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Is a Federal Pacific Stab-Lok electrical panel really dangerous?

Few brands are so notoriously well known in home inspection circles as the Federal Pacific Stab-Lok name. These electrical service panels were installed in millions of homes from the 1950s through the 1980s and their failures are well documented. If your home inspection reveals a Federal Pacific Stab-Lok panel at the property, it was likely noted as a safety hazard in the report. The following is more information on why these panels are considered so dangerous and should be replaced.

 

 

 

Before we get to the specific dangers of the Stab-Lok panels, a quick word about electrical panels in general. Electrical panels (sometimes called service panels, distribution panels, or just panels) serve a few purposes in your home. They split your electrical service into separate circuits, with each circuit protected by one breaker. The breakers provide over-current protection, which keeps your plugged-in devices safe from receiving too much electrical current. If too much current is present, or if a circuit gets shorted, it should automatically trip, cutting the power to the circuit. Breakers can be manually operated, as well, if needed.

 

The documented issues with Stab-Lok panels (the specific model sold by Federal Pacific Electric) fall into a few different categories. They can be group together as follows:

 

  • First of all, the Stab-Lok panels were installed from the 1950s through the 1980s, making the youngest models at least 30 years old. In that time, there have been numerous updates to the National Electric Code (NEC). Panels of that age often have too few circuits for a modern home and they may also not be supplied with enough amperage for a modern home (just think of all the electronics and appliances we use today that were not in frequent use during the 70s). This is a common occurrence in older homes that can be experienced by any brand of electrical panel.

  • Secondly, certain design “features” of the Stab-Lok panels may lead to dangerous situations. These include a depth adjustment screw for the breakers (code now requires breakers to be stationary); the dual-row alignment of breakers, where the switches face opposite directions; and the actual attachment method of the breakers to the bus bar, which is where the Stab-Loks get their name.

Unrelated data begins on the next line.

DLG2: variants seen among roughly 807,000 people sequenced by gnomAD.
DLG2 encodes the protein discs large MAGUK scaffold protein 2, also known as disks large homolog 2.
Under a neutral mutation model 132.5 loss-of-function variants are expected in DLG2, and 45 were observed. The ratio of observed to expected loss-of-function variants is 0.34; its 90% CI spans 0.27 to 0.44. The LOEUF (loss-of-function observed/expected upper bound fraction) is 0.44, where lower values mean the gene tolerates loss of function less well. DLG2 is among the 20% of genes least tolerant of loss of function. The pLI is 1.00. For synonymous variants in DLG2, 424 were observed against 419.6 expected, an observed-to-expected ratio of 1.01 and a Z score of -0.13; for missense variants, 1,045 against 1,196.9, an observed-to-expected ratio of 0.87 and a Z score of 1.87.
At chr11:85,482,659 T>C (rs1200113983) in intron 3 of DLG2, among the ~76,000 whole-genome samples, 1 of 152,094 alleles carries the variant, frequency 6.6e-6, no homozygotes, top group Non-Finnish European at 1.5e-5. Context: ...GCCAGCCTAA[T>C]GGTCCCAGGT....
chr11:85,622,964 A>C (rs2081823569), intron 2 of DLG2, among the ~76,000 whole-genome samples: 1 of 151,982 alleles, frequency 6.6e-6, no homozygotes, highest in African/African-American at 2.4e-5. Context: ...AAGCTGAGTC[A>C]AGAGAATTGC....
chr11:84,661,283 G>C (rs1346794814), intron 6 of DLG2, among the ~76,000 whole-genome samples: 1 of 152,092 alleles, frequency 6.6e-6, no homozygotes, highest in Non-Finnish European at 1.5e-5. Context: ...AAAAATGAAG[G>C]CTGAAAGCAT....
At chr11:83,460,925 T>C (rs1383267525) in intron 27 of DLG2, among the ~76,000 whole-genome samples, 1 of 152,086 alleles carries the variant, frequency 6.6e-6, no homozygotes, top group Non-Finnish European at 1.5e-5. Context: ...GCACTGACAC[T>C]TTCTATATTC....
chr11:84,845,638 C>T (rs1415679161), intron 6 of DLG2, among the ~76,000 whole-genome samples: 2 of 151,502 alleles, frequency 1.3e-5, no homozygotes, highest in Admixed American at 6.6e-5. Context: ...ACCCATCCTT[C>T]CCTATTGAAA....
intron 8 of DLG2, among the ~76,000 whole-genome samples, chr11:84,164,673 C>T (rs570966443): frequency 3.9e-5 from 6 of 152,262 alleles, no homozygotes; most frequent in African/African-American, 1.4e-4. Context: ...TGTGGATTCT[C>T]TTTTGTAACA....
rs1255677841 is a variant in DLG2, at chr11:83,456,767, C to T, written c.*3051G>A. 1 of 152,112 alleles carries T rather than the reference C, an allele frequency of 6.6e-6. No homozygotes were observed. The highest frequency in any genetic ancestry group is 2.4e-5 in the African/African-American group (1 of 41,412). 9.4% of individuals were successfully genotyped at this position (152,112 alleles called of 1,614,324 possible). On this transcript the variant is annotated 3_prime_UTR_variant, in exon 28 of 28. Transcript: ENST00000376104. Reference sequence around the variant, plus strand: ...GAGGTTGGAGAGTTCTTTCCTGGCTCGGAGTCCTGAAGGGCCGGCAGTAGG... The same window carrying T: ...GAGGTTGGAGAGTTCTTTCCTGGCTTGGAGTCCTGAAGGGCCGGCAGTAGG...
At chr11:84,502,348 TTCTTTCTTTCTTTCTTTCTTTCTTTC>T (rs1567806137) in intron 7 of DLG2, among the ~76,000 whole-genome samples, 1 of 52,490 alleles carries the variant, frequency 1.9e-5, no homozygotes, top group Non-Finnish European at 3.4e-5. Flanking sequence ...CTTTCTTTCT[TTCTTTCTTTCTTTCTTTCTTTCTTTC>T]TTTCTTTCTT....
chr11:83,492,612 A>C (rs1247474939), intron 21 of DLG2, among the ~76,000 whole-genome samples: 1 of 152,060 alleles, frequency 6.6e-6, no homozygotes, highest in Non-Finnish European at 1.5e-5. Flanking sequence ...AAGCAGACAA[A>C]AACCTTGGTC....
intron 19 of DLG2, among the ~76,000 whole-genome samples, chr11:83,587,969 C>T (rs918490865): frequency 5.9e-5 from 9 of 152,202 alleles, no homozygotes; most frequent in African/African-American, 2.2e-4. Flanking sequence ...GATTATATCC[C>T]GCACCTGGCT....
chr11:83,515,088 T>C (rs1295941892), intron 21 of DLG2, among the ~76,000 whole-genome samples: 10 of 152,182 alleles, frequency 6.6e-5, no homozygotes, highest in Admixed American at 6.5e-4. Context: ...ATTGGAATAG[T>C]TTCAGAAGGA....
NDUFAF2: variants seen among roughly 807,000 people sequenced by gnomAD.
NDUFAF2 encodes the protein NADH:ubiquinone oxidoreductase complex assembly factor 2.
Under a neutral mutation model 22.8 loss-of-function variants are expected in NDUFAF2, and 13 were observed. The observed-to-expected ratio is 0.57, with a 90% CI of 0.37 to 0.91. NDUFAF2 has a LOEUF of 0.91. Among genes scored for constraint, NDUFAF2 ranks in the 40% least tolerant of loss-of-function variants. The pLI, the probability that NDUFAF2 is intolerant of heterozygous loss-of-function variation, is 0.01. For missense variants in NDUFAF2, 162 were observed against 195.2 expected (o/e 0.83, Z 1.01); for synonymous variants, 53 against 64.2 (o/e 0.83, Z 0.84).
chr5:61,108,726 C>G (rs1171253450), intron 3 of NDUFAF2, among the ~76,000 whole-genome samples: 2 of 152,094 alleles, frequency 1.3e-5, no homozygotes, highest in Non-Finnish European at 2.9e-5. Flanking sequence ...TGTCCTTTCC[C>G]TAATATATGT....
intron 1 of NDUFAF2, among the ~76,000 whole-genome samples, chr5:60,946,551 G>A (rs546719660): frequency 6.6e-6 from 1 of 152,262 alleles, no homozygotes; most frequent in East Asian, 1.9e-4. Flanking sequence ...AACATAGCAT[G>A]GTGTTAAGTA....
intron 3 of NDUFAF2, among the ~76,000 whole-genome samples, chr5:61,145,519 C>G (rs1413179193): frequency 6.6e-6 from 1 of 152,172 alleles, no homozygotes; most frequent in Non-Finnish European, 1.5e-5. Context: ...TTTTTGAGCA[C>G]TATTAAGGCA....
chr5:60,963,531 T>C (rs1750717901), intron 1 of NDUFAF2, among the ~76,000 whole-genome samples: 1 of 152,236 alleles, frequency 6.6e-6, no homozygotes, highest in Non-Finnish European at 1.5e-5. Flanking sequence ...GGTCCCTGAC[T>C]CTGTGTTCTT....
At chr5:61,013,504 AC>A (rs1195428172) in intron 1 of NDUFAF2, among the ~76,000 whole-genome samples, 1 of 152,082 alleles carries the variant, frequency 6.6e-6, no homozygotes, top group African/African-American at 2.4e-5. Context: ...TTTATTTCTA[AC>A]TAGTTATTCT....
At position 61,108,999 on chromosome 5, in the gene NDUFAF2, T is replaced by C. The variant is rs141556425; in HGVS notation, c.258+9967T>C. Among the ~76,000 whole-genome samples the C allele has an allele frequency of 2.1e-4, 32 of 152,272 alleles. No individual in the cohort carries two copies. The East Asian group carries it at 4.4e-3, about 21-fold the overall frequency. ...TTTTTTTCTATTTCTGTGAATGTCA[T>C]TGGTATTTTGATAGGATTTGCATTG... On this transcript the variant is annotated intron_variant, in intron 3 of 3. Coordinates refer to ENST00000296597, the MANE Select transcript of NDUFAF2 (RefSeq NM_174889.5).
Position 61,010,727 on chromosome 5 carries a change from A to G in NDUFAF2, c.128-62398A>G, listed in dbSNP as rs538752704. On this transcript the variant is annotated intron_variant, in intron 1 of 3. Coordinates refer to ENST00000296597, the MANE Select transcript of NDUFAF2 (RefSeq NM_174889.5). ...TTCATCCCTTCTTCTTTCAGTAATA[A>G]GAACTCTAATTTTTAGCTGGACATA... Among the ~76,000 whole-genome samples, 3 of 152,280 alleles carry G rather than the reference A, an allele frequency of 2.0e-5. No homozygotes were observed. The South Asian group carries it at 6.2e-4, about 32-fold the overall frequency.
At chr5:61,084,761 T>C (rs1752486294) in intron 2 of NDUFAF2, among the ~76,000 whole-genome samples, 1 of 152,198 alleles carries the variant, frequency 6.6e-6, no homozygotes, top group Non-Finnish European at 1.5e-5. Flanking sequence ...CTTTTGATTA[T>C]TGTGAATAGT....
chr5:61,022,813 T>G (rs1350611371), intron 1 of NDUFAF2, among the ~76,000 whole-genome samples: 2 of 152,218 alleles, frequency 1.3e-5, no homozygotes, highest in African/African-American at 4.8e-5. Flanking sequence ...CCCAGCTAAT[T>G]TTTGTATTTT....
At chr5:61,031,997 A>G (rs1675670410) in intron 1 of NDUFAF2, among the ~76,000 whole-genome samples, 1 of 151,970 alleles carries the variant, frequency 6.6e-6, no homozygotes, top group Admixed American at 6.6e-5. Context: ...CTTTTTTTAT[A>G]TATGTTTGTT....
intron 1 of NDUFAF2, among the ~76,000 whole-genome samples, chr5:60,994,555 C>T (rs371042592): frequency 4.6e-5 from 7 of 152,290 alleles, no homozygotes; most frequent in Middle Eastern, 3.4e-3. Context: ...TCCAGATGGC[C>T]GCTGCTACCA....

• Finally, due to the above issues as well as failures in the actual material they are made of, the breakers may fail internally, which can cause several dangerous conditions. They may fail to trip in an over-current situation. Or they may display show that they are “OFF” when in fact they are still allowing current through, which is a serious electrocution risk for the occupants of the home and anyone trying to fix the panel. These flaws are internal, and cannot be found by merely looking at the breaker.

 

 

The issues above are why Federal Pacific Stab-Lok electrical panels and breakers have earned their bad name over the past decades. Given the long list of defects and the difficulty in diagnosing these, we recommend that every Stab-Lok service panel be replaced. Besides that, just their old age would be enough to recommend replacement in most cases. Most homeowners know that a roof needs to be replaced every few decades, and your electrical service equipment is similar.

 

One final word of caution we like to give homeowners: If your electrician says he can “fix” the panel, or “clean” the bus bars, or find “reconditioned” breakers or that everything in your Federal Pacific Stab-Lok panel “seems fine,”... Get a new electrician!

 

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